The problem is that Penelope doesn’t want to go back home. England is too confining for a young woman with more than half a brain and she has no intention of going back there to be suffocated by society’s do’s and don’ts. But she can’t refuse her brother’s last wish and the pair set off for England.

Because Pen can’t travel with Cam unchaperoned, they have no alternative but to travel as a married couple and almost make it back without anyone being aware of their deception. But on the final stage of their journey, during a stormy Channel crossing, their ship is seriously damaged and Cam and Pen barely escape with their lives. Once rescued, back on land and ensconced at an inn, they are assumed to be married – and this time, there is no way they will get away with the pretense. Pen is adamant that she doesn’t want to marry Cam, knowing that being married to a man who will never love her will all but destroy her. But she can’t bear to see him surrounded by scandal and gossip when he’s worked so hard all his life to avoid it, so she agrees to his request and marries him, deciding that she will try to become the sort of demure, biddable duchess he wants.

Although of course, in doing so, she becomes a complete stranger to Cam, who wonders where the vivacious, intelligent woman he’d known has gone, why she is wearing horribly drab dresses and where such perfect, cool manners have come from.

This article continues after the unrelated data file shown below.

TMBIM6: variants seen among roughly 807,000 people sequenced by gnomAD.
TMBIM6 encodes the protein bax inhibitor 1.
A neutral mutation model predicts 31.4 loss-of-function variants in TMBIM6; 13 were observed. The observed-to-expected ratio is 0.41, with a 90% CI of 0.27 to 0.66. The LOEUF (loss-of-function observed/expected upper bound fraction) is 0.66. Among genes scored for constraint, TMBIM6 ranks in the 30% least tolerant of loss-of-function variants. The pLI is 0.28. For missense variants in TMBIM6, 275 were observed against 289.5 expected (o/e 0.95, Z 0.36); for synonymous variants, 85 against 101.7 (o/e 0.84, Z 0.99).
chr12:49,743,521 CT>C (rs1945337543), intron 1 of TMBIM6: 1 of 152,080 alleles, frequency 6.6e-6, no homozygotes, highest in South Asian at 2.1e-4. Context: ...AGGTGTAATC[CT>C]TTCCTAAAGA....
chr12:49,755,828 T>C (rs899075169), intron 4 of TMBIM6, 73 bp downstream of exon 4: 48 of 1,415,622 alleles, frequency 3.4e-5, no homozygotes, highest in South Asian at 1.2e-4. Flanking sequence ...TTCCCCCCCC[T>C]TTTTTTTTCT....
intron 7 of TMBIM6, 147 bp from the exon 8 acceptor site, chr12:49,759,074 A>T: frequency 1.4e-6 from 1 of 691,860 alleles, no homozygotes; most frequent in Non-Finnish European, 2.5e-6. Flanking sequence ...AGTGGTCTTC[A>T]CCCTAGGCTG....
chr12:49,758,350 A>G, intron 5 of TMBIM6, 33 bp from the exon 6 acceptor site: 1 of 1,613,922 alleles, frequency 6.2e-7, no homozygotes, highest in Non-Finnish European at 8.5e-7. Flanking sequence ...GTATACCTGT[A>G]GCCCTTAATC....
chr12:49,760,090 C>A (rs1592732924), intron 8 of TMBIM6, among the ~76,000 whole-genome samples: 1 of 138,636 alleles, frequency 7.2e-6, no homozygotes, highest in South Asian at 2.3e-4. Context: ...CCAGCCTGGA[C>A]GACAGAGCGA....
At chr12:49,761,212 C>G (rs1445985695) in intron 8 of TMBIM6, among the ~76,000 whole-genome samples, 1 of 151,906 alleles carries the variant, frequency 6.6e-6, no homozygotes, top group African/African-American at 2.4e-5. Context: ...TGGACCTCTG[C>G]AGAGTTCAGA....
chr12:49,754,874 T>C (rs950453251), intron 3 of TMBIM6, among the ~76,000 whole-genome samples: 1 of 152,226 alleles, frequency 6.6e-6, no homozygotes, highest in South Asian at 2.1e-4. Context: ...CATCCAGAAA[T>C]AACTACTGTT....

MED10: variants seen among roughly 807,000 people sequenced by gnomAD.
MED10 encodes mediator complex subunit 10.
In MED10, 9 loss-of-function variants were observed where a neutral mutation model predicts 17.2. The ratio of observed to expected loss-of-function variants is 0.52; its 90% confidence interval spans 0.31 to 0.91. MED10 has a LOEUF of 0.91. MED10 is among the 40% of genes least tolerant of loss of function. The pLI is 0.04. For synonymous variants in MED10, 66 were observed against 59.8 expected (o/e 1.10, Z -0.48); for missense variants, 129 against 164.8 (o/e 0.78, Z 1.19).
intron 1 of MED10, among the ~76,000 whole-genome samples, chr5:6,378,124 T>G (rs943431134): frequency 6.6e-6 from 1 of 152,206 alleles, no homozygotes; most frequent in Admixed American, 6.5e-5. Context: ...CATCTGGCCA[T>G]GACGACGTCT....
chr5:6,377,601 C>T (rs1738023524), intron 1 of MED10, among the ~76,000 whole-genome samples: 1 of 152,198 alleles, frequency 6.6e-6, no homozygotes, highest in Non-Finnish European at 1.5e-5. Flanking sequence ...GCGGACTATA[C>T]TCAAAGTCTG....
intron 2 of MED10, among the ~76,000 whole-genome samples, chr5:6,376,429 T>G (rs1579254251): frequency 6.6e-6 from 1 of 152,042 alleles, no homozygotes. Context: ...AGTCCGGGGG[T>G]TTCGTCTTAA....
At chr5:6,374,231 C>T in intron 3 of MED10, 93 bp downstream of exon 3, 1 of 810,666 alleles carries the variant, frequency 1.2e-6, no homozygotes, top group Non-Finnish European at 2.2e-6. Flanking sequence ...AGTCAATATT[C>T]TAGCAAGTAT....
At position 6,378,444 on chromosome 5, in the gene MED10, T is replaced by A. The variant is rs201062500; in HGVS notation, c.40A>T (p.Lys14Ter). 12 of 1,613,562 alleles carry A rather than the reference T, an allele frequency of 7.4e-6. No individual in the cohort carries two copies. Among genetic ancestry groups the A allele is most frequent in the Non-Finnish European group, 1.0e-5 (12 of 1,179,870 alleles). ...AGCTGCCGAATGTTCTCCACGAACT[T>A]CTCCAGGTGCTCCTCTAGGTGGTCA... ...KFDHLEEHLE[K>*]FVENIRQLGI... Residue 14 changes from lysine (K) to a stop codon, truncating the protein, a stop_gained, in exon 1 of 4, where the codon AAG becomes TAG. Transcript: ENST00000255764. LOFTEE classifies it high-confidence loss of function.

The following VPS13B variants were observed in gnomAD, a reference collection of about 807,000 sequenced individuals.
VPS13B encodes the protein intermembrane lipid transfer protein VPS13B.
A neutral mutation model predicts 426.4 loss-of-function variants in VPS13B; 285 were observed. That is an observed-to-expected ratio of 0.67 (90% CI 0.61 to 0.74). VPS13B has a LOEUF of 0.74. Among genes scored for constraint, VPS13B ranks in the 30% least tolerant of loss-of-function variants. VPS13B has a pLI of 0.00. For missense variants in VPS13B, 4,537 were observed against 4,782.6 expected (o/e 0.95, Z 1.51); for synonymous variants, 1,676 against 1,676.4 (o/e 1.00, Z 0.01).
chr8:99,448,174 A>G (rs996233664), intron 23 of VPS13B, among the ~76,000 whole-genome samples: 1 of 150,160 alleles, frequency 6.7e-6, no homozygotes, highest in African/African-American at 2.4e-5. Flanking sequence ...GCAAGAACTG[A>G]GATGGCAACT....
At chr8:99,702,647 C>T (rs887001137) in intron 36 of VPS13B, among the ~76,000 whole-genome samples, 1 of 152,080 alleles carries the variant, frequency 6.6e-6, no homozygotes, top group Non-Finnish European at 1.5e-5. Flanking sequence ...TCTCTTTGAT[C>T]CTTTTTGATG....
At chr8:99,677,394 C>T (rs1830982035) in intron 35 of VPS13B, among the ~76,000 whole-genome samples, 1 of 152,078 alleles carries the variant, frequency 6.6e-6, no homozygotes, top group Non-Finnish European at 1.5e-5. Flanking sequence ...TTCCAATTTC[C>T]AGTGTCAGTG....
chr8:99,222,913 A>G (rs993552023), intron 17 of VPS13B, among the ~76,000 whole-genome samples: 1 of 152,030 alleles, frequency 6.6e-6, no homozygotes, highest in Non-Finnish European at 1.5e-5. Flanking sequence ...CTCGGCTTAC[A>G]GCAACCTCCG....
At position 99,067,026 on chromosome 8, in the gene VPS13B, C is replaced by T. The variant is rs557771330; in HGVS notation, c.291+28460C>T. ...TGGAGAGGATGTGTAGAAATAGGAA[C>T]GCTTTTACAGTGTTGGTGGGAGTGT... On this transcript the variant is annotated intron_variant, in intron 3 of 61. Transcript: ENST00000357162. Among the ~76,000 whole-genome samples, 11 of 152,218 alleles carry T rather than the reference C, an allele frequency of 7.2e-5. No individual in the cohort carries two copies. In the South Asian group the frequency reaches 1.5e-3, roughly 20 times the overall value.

Things start to look up when Cam tells Pen to forget about being the perfect duchess and that he likes her for what and who she is. Which means it’s time to throw the proverbial spanner into the works.

Pen’s brother Harry has fallen in love with a young heiress, who happens to be the sister of Cam’s bitter enemy, the Marquess of Leath. The cash-strapped marquess has refused Harry’s suit and instead plans to marry Sophie off to a much older man with plenty of money. Against her better judgement, Pen helps the two to meet in secret – and when things escalate and Pen’s involvement is discovered…let’s just say Cam is not best pleased at the prospect of being once again mired in scandal.

Both Cam and Pen are strongly characterised and there are plenty of sparks flying between them from the get-go. I’m normally wary of “unconventional” heroines, as they can often be too outrageous for the period and frequently oppose the hero just for the sake of it – but Pen isn’t in that mould. I also applaud her decision to get on with her life after Cam’s proposal rather than stay at home and pine over something – someone – she cannot have.